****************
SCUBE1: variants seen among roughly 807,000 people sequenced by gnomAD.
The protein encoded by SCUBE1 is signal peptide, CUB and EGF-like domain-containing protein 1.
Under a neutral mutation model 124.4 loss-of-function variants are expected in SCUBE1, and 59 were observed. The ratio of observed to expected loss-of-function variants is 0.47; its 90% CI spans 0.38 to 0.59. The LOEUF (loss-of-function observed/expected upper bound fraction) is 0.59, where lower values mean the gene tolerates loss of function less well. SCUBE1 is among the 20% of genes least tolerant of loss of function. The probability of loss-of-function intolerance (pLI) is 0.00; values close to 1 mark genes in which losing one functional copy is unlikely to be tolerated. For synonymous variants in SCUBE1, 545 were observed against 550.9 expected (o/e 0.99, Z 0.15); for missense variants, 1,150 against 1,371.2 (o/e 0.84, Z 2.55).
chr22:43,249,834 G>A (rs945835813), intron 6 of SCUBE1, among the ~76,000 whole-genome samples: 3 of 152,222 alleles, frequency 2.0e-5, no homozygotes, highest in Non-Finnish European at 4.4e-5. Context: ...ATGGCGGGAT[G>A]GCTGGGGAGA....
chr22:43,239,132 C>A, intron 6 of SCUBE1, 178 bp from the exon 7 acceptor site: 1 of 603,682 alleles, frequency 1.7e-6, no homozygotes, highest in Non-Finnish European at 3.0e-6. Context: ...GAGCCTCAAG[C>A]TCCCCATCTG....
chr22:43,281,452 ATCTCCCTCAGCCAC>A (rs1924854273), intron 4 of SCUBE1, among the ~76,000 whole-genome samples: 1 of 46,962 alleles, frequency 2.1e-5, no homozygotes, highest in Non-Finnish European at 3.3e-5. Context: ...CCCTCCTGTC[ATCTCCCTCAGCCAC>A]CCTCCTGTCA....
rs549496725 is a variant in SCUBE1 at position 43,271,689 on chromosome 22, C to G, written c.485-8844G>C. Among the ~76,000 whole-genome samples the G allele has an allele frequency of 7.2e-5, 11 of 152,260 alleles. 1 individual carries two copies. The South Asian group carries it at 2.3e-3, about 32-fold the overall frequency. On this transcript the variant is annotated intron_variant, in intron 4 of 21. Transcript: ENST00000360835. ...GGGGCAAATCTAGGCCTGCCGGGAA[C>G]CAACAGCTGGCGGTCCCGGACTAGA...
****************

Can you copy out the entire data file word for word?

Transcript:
SCUBE1: variants seen among roughly 807,000 people sequenced by gnomAD.
The protein encoded by SCUBE1 is signal peptide, CUB and EGF-like domain-containing protein 1.
Under a neutral mutation model 124.4 loss-of-function variants are expected in SCUBE1, and 59 were observed. The ratio of observed to expected loss-of-function variants is 0.47; its 90% CI spans 0.38 to 0.59. The LOEUF (loss-of-function observed/expected upper bound fraction) is 0.59, where lower values mean the gene tolerates loss of function less well. SCUBE1 is among the 20% of genes least tolerant of loss of function. The probability of loss-of-function intolerance (pLI) is 0.00; values close to 1 mark genes in which losing one functional copy is unlikely to be tolerated. For synonymous variants in SCUBE1, 545 were observed against 550.9 expected (o/e 0.99, Z 0.15); for missense variants, 1,150 against 1,371.2 (o/e 0.84, Z 2.55).
chr22:43,249,834 G>A (rs945835813), intron 6 of SCUBE1, among the ~76,000 whole-genome samples: 3 of 152,222 alleles, frequency 2.0e-5, no homozygotes, highest in Non-Finnish European at 4.4e-5. Context: ...ATGGCGGGAT[G>A]GCTGGGGAGA....
chr22:43,239,132 C>A, intron 6 of SCUBE1, 178 bp from the exon 7 acceptor site: 1 of 603,682 alleles, frequency 1.7e-6, no homozygotes, highest in Non-Finnish European at 3.0e-6. Context: ...GAGCCTCAAG[C>A]TCCCCATCTG....
chr22:43,281,452 ATCTCCCTCAGCCAC>A (rs1924854273), intron 4 of SCUBE1, among the ~76,000 whole-genome samples: 1 of 46,962 alleles, frequency 2.1e-5, no homozygotes, highest in Non-Finnish European at 3.3e-5. Context: ...CCCTCCTGTC[ATCTCCCTCAGCCAC>A]CCTCCTGTCA....
rs549496725 is a variant in SCUBE1 at position 43,271,689 on chromosome 22, C to G, written c.485-8844G>C. Among the ~76,000 whole-genome samples the G allele has an allele frequency of 7.2e-5, 11 of 152,260 alleles. 1 individual carries two copies. The South Asian group carries it at 2.3e-3, about 32-fold the overall frequency. On this transcript the variant is annotated intron_variant, in intron 4 of 21. Transcript: ENST00000360835. ...GGGGCAAATCTAGGCCTGCCGGGAA[C>G]CAACAGCTGGCGGTCCCGGACTAGA...